As for what it is as a book, “Tom and Lovey” is definitely a page-turner. The beauty of it is that it was playing out in my head like a film, and those are the types of books that I love. This is not my first experience with paranormal fantasy as a genre. But, it is the first paranormal fantasy novel that I’ve read from cover to cover. It is well worth the read. The characters keep you interested, and while I could see sort of where the story was going, I closed the book wishing for more. That’s always a good thing.
”Tom and Lovey: Under the Moon Into the Wood” is available in paperback from Amazon.
*I received a free review copy in exchange for a fair and honest review. This review is in no way influenced by any outside sources. No other compensation was received for this review.
by Joshua Packard, Fullness of Happy
I just finished reading Book 7 of the "Harry Potter" series by British author J. K. Rowling. Overall, I think I would describe the stories as tedious and long winded, but ultimately delightful and satisfying. The series of very long child and young adult friendly novels is about the secret world of magic, wizards and witches, and the years they spend studying their magical craft and talents in the schools of wizardry and witchcraft, under the noses of the largely non-magical "Muggles", who are unaware of their existence for the most part.
Rowling's story is mostly set in the British magical school called Hogwart's. It begins with title character Harry Potter being put under the beastly care of his vicious aunt and uncle in law, after his parents are murdered by the evil and power hungry sorcerer Lord Voldemort, constantly referred to as He Who Must Not Be Named. Potter is notified that he is a wizard and will be attending the school of Hogwart's, which is under the management of noble wizard Dumbledore. Each of the novels describes the events of one year of time at the school, as various professors and fellow students are introduced and the progress of their education in the magical arts is elaborated.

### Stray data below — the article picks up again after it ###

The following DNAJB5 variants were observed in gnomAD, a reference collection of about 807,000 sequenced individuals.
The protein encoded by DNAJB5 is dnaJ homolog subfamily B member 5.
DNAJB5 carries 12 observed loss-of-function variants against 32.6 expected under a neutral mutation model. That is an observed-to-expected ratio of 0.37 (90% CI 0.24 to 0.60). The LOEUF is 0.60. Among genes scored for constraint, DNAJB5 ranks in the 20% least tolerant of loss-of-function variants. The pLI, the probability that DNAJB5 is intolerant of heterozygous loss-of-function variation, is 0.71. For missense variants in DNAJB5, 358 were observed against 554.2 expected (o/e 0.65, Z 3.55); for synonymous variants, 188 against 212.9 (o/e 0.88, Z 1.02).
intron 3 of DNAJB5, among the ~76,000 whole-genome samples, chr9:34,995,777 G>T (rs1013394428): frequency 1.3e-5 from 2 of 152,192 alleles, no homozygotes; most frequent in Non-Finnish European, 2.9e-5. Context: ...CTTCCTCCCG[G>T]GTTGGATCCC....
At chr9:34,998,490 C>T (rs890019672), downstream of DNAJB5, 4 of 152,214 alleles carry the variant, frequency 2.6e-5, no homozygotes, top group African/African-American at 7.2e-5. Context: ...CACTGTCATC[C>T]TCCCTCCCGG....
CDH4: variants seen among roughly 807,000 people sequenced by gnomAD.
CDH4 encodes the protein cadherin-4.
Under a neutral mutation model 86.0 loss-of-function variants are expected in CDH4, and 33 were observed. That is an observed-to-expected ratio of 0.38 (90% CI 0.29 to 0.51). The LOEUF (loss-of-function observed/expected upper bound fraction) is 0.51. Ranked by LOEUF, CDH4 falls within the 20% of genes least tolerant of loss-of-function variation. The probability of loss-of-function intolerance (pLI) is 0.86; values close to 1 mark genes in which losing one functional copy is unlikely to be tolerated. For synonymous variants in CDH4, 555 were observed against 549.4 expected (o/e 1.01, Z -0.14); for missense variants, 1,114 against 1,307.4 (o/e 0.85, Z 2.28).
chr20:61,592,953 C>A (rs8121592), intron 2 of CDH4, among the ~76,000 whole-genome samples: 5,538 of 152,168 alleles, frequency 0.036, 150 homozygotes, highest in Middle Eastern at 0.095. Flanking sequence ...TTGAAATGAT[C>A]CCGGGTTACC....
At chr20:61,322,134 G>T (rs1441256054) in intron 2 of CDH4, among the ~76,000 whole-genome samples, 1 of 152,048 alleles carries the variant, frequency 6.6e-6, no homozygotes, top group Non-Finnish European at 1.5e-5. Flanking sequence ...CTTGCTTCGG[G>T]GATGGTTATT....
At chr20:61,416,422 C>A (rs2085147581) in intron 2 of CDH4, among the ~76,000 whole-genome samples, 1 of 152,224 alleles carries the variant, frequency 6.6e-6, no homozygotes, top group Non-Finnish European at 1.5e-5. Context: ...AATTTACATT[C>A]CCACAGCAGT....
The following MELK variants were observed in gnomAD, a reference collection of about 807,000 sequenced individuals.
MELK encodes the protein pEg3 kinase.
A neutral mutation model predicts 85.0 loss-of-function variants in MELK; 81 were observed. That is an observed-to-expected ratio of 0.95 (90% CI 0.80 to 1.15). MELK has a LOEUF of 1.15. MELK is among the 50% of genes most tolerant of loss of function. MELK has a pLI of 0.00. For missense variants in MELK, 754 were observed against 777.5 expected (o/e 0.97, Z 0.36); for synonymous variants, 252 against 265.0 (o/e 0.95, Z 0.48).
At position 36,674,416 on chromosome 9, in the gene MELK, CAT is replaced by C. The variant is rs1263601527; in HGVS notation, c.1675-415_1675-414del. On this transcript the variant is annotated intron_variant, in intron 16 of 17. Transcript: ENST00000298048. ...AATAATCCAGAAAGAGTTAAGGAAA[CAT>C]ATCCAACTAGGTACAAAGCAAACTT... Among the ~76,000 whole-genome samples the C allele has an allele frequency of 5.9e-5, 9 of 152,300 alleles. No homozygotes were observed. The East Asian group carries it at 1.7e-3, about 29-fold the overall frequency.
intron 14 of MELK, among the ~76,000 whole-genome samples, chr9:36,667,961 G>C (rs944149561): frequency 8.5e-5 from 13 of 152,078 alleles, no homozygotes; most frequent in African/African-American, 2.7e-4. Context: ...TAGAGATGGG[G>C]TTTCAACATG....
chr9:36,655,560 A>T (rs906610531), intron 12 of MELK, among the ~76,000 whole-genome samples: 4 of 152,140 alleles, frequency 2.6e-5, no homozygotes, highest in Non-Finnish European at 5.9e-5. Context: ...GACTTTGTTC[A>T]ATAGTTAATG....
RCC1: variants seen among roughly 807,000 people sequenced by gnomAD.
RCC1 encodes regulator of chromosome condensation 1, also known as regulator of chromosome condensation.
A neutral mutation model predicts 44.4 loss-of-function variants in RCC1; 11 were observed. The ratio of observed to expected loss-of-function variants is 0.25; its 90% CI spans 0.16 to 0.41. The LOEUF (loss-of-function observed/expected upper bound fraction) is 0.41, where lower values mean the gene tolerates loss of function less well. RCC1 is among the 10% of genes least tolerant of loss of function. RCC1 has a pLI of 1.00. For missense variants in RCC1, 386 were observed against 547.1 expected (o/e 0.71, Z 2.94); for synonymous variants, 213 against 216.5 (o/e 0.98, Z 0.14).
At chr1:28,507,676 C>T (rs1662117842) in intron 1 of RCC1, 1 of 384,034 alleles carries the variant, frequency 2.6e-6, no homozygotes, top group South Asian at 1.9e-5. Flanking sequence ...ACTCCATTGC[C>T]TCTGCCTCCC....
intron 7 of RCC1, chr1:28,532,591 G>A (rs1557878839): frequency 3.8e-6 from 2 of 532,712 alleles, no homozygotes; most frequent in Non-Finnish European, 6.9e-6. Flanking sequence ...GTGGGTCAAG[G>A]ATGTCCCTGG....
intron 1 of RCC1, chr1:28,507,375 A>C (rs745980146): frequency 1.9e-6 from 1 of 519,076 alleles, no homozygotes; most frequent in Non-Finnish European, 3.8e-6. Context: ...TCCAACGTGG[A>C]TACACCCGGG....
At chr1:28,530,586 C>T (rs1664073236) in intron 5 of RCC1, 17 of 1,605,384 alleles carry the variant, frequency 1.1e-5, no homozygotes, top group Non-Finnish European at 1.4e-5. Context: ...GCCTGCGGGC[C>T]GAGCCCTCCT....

As the books progress, there is unfolded a plot of very sinister plans of the attempted return of the evil Lord Voldemort, and his scheme to create a world of Pure blood wizards and witches and the subjugation, eradication, and extermination of all non magical Mudblood and Muggle humans. The story essentially lays out a plot similar to the history of Eugenics, racial "cleansing", and other genocidal movements in the real life history of Earth. It turns out that Harry Potter is the one destined to end the evil plans of Voldemort once and for all. Helped by his friends, especially Ron and Muggle born Hermione, he seeks to understand the forces at work in this epic battle between the powers of evil and good, and figure out how to end the oppression that is taking grip over the world.